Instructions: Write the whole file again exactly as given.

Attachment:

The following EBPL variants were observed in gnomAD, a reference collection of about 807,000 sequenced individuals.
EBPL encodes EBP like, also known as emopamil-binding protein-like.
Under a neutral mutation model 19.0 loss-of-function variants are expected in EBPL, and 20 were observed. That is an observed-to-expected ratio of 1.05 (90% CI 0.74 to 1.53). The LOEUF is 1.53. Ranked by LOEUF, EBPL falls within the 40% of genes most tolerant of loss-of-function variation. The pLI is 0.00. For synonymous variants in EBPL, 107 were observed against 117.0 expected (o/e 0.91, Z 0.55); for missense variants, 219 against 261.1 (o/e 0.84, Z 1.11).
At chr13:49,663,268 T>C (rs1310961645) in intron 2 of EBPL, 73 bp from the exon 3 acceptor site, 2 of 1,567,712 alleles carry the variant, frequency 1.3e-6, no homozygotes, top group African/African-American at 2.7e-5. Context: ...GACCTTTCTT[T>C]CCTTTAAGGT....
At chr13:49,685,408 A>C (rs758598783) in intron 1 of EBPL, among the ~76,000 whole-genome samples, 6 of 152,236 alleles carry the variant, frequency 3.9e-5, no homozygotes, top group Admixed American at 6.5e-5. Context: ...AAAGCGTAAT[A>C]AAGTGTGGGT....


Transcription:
The following EBPL variants were observed in gnomAD, a reference collection of about 807,000 sequenced individuals.
EBPL encodes EBP like, also known as emopamil-binding protein-like.
Under a neutral mutation model 19.0 loss-of-function variants are expected in EBPL, and 20 were observed. That is an observed-to-expected ratio of 1.05 (90% CI 0.74 to 1.53). The LOEUF is 1.53. Ranked by LOEUF, EBPL falls within the 40% of genes most tolerant of loss-of-function variation. The pLI is 0.00. For synonymous variants in EBPL, 107 were observed against 117.0 expected (o/e 0.91, Z 0.55); for missense variants, 219 against 261.1 (o/e 0.84, Z 1.11).
At chr13:49,663,268 T>C (rs1310961645) in intron 2 of EBPL, 73 bp from the exon 3 acceptor site, 2 of 1,567,712 alleles carry the variant, frequency 1.3e-6, no homozygotes, top group African/African-American at 2.7e-5. Context: ...GACCTTTCTT[T>C]CCTTTAAGGT....
At chr13:49,685,408 A>C (rs758598783) in intron 1 of EBPL, among the ~76,000 whole-genome samples, 6 of 152,236 alleles carry the variant, frequency 3.9e-5, no homozygotes, top group Admixed American at 6.5e-5. Context: ...AAAGCGTAAT[A>C]AAGTGTGGGT....